By Brad McCannell – abilities.ca
Accessibility in Canada
Now Is the Time to Work Together
It took a mighty effort from the government of Canada and the entire community of people with disabilities, but Bill C-81—the Accåessible Canada Act—is a reality at last. But where do we go from here? What happens now?
Now the real heavy lifting starts.
Our work is just beginning
Now that the legislation is taking shape, we must ensure we continue to voice our opinions on how to make it better. This is our opportunity to change the cultural understanding of accessibility. We need to raise awareness that access is more than a ramp, and that there are disabilities beyond mobility that can’t be ignored.
It’s time to bring attention to the fact that accessibility is not just “our” issue, but something that affects everyone: Today, upwards of 50 per cent of the population has a disability or knows someone with a disability. Both the public and the industries responsible for building our homes, schools, stores and offices must understand that true access means that everyone can go everywhere.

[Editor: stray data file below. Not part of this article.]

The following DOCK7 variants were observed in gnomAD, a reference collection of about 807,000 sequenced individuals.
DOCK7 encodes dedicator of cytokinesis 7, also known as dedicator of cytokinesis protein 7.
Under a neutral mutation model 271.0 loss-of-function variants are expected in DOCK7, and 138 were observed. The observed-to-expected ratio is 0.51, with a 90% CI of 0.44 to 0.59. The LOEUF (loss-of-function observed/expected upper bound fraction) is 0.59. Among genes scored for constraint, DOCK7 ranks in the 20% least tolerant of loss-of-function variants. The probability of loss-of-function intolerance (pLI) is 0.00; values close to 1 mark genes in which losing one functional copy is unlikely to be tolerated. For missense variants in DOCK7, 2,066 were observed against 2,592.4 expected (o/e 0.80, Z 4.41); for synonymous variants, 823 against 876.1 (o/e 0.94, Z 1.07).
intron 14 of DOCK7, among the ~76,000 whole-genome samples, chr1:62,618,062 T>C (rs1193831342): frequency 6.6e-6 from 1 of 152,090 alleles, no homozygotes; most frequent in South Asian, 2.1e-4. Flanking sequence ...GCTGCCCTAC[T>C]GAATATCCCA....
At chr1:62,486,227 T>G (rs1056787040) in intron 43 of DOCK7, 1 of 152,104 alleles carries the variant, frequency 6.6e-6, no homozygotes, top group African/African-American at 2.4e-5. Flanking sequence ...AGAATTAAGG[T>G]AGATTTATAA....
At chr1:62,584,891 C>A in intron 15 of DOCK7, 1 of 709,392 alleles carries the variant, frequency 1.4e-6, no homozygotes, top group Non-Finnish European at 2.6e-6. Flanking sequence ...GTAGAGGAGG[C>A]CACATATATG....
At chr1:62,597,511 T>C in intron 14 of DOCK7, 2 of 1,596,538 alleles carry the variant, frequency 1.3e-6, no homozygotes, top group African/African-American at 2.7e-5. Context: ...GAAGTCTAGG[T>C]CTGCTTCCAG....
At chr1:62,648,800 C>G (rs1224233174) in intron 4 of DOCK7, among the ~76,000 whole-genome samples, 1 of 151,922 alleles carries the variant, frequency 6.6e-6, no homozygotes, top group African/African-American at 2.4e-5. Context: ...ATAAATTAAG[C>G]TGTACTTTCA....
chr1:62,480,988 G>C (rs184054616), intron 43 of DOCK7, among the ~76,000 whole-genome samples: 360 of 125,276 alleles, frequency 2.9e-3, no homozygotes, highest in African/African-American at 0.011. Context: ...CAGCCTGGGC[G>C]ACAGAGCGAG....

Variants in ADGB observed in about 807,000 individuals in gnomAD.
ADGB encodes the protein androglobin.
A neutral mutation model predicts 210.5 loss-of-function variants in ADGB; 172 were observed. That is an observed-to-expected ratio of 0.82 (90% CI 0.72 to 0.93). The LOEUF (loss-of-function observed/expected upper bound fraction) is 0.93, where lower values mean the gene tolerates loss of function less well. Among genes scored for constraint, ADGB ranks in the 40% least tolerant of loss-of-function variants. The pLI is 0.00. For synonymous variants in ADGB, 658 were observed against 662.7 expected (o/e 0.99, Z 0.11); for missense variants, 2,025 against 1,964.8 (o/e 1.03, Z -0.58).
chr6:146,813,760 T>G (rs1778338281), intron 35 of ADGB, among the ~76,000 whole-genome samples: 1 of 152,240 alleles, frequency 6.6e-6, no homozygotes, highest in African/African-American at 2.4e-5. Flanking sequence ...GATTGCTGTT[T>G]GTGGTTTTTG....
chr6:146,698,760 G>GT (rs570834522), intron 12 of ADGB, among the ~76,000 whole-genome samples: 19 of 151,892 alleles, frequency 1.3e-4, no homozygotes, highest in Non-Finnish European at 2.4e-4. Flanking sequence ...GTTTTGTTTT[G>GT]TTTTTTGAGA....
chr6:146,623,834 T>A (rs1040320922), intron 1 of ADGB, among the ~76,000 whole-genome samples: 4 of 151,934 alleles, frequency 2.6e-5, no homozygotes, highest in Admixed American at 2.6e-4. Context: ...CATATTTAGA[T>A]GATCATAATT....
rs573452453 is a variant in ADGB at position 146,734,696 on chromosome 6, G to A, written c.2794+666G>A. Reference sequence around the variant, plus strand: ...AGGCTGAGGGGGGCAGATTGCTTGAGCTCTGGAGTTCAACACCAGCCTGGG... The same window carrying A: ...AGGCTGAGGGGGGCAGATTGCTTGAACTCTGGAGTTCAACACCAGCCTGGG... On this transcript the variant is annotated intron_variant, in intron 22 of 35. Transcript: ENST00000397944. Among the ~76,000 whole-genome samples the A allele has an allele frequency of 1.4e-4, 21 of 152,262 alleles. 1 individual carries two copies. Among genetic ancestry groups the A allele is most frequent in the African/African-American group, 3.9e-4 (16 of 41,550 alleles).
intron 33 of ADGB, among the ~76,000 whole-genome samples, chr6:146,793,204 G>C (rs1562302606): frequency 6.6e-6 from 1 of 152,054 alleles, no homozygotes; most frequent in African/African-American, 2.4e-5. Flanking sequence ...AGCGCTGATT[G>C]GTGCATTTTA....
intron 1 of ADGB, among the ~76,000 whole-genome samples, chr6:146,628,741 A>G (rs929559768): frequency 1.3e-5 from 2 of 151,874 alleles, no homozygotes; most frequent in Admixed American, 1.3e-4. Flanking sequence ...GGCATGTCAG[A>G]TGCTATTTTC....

Harmonized standards and incentives
One of the biggest problems facing accessibility in the built environment is not the lack of standards, but rather just how many standards there are. There are national and provincial codes, and cities often have their own codes. On top of that, there are endless regulations—each of which proclaims to be the one you need to adhere to. Regulations and codes are important; however, many are conflicting, and many are mobility-centric. Harmonized national standards, complemented by incentives, is key to progress.
Over time, we can help to shape the Accessible Canada Act to ensure it positively benefits people of all abilities. We can work to broaden the scope of disability considered in the design phase of every project—from ordering business cards to designing a city.
On the same page